« The Big Uneasy: Uncovering the Army Corps' Big Lie | Main | Should the Interior Department Watchdog Be Embarrassed by its FOIA Backlog? »

Mar 16, 2011

TrackBack

TrackBack URL for this entry:
http://www.typepad.com/services/trackback/6a00d8341c68bf53ef014e5fe8077e970c

Listed below are links to weblogs that reference Hill Bringing In DCAA To Respond to Contractor Complaints:

Comments

Dan

POGO, where's the follow-up on this story? It is damaging to POGO's credibility not to hold DCAA to the same standards it seeks from the rest of Government. DCAA is currently a drain on taxpayers. DCAA is currently providing no service that is assisting the buying activities or the contract administrators. Contractors are justifiably outraged by DCAA's failure to issue reports in a timely manner. Both side of the procurement community are understandably disappointed with the total absence of audit reports that are so needed to ensure fair and reasonable prices. POGO, based on historical contributions, has long been an advocate for DCAA, now POGO appears to be a lap dog for this broken down and mostly useless agency. POGO help push DCAA back into a productive organization or join in the calls for its elimination..

disgruntled senior 12

I know an auditor who works in a branch office. 3 years ago the office was caught up with all incurred costs, and proposals went out on a 29 day average. No complaints from auditors, supers, customers, but maybe a few contractors. Three years later this office is pushing 3 yrs late on the incurred, proposals take 6 months, senior auditors are discouraged and waiting for retirement date or jump ship. The newbies are like newborn puppies trying to run across a clean kitchen floor: Full of eagerness, but can't control where they are going and end up in trouble.

Pete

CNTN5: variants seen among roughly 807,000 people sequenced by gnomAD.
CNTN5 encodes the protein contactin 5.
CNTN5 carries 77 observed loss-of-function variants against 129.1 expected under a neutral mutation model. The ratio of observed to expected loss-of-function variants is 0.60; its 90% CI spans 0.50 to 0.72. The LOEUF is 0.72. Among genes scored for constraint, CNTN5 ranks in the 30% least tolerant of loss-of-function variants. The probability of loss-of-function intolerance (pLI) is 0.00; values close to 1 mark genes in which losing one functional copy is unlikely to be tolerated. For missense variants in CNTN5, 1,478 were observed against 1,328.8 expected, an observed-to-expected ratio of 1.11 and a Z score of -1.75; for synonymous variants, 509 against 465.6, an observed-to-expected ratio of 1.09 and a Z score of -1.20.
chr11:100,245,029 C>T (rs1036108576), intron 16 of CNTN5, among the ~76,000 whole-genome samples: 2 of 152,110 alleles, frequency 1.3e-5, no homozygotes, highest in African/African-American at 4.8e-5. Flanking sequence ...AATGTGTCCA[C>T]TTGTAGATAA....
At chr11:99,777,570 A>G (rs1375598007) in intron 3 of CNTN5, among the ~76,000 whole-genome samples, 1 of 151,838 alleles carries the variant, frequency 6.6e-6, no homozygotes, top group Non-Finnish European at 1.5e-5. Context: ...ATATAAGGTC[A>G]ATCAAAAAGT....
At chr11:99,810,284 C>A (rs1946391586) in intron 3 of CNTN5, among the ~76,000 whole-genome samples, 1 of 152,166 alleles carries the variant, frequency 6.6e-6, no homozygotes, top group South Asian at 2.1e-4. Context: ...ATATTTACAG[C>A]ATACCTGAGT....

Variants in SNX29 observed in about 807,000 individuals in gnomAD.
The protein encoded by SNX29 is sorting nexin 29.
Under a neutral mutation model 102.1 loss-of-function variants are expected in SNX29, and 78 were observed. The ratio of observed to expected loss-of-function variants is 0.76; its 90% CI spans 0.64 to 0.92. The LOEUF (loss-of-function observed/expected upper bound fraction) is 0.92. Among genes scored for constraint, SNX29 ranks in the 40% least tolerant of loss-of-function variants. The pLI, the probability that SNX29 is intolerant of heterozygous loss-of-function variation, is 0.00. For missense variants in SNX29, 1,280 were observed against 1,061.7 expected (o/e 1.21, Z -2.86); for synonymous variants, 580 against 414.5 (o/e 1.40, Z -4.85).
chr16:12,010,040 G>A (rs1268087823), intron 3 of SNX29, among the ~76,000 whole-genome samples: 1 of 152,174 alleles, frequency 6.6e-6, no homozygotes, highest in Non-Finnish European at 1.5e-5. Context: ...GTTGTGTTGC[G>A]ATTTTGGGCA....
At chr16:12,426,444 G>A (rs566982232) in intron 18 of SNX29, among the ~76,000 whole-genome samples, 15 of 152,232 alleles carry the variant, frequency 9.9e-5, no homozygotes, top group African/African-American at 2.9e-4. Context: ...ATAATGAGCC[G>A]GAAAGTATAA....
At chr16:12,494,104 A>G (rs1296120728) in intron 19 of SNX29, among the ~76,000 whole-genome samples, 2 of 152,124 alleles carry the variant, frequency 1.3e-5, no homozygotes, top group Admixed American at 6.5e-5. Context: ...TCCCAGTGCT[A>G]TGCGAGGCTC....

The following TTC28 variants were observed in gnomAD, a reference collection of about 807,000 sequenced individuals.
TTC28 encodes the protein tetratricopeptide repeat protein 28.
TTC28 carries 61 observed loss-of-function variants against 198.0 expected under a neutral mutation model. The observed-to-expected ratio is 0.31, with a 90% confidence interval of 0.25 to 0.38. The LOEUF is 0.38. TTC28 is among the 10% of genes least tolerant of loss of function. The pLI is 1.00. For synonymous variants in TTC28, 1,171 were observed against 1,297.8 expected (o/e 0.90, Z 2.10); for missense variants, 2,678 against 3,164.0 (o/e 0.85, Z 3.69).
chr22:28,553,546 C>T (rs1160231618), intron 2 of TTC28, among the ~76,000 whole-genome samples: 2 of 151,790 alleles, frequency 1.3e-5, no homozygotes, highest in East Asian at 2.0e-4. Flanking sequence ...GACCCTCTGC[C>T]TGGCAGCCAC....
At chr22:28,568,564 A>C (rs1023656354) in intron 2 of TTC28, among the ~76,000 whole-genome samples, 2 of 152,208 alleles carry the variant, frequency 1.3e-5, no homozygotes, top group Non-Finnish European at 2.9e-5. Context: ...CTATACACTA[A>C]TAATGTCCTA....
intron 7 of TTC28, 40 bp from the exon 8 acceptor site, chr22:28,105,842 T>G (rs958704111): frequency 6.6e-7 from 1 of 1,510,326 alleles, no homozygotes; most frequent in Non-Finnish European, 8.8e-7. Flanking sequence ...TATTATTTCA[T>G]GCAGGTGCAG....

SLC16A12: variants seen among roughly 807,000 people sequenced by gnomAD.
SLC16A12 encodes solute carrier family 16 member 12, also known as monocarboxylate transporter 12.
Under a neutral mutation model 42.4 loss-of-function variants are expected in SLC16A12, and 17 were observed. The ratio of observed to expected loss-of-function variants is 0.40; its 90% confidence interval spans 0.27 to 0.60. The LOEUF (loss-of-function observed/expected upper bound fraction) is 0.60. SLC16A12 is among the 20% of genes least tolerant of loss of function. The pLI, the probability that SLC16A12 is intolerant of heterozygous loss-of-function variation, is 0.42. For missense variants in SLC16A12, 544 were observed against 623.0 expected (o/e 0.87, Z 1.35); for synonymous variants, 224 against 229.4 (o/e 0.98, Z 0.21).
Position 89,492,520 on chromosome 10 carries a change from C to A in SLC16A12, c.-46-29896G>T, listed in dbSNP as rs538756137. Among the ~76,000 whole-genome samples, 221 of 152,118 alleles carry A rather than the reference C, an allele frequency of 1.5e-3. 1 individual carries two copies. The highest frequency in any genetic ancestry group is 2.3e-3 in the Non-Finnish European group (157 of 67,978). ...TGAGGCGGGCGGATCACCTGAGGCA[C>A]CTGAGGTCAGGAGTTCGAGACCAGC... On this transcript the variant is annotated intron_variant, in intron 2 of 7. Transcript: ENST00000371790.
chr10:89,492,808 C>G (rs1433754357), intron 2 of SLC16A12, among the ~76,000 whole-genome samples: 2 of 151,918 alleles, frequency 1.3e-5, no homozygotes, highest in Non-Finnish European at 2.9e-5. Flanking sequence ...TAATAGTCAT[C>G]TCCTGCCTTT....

This is about time. The SES crew at DCAA needs to removed entirely because of their incompetence. They are not saving the Government any money with their efforts and have put DoD needed program at added risk. I hope the committee asks Pat about how many man years were cancelled in audit assignments during the past two years and how many open assignments are currently open with greater than 500 hours incurred (1/3 man years). Than in the same breath ask how many new auditors are required? Sounds like missmanagement to me....

Mike

SS - good theory, but not the reality of DCAA today. Sam and Ed are correct. DCAA has significant leadership issues. But no matter how you look at it, at the end of the day, DCAA is about providing audit advice to contracting officers. We are in a state of paralysis. Management is afraid of being gigged and being the subject of the next GAO or IG review. As a result, we have become risk adverse and unable to function in a timely manner. In the end, we are not providing contracting officers timely advice. At times, they move out without us, at other times, they have to wait and either contracts are delayed in being closed or contract award is delayed. Neither is effective. Fitzgerald has been in place almost 17 months and DCAA has become much worse under his leadership. He is no longer the new "fresh eyes." He has been in place long enough to fix the issue. Fitzgerald seems proud that DCAA issues fewer audits and is taking longer to complete the audits. Good theory, but the reality is that it is too long and too few audits to be effective for our contracting officers. DCAA has reached new lows and Fitzgerald only has to read the POGO blogs and GovExec blogs to see how unhappy DCAA employees really are. We need action and instead all we get are videos and more guidance from Policy (and it conflicts with the guidance issued the day before and the day before that).